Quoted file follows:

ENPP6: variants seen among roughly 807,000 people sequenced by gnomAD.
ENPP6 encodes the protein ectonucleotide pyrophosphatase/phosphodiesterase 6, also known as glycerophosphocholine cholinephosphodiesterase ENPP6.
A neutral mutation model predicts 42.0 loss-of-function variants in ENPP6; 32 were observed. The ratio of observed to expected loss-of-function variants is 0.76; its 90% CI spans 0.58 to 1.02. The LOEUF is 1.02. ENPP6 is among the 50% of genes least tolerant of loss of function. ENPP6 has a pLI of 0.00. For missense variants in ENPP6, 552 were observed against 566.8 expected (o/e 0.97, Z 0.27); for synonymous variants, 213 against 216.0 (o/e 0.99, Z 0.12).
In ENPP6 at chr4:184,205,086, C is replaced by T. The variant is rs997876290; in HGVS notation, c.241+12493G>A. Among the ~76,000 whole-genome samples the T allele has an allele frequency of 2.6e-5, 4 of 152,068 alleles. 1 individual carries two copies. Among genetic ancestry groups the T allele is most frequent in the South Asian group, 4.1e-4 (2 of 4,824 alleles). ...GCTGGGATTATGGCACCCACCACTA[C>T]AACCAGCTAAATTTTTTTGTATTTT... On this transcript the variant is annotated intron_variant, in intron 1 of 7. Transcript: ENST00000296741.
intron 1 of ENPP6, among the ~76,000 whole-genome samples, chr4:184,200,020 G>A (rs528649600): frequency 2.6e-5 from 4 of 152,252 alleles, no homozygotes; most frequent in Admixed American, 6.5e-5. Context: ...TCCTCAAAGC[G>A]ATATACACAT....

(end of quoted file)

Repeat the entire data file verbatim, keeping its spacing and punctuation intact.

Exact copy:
ENPP6: variants seen among roughly 807,000 people sequenced by gnomAD.
ENPP6 encodes the protein ectonucleotide pyrophosphatase/phosphodiesterase 6, also known as glycerophosphocholine cholinephosphodiesterase ENPP6.
A neutral mutation model predicts 42.0 loss-of-function variants in ENPP6; 32 were observed. The ratio of observed to expected loss-of-function variants is 0.76; its 90% CI spans 0.58 to 1.02. The LOEUF is 1.02. ENPP6 is among the 50% of genes least tolerant of loss of function. ENPP6 has a pLI of 0.00. For missense variants in ENPP6, 552 were observed against 566.8 expected (o/e 0.97, Z 0.27); for synonymous variants, 213 against 216.0 (o/e 0.99, Z 0.12).
In ENPP6 at chr4:184,205,086, C is replaced by T. The variant is rs997876290; in HGVS notation, c.241+12493G>A. Among the ~76,000 whole-genome samples the T allele has an allele frequency of 2.6e-5, 4 of 152,068 alleles. 1 individual carries two copies. Among genetic ancestry groups the T allele is most frequent in the South Asian group, 4.1e-4 (2 of 4,824 alleles). ...GCTGGGATTATGGCACCCACCACTA[C>T]AACCAGCTAAATTTTTTTGTATTTT... On this transcript the variant is annotated intron_variant, in intron 1 of 7. Transcript: ENST00000296741.
intron 1 of ENPP6, among the ~76,000 whole-genome samples, chr4:184,200,020 G>A (rs528649600): frequency 2.6e-5 from 4 of 152,252 alleles, no homozygotes; most frequent in Admixed American, 6.5e-5. Context: ...TCCTCAAAGC[G>A]ATATACACAT....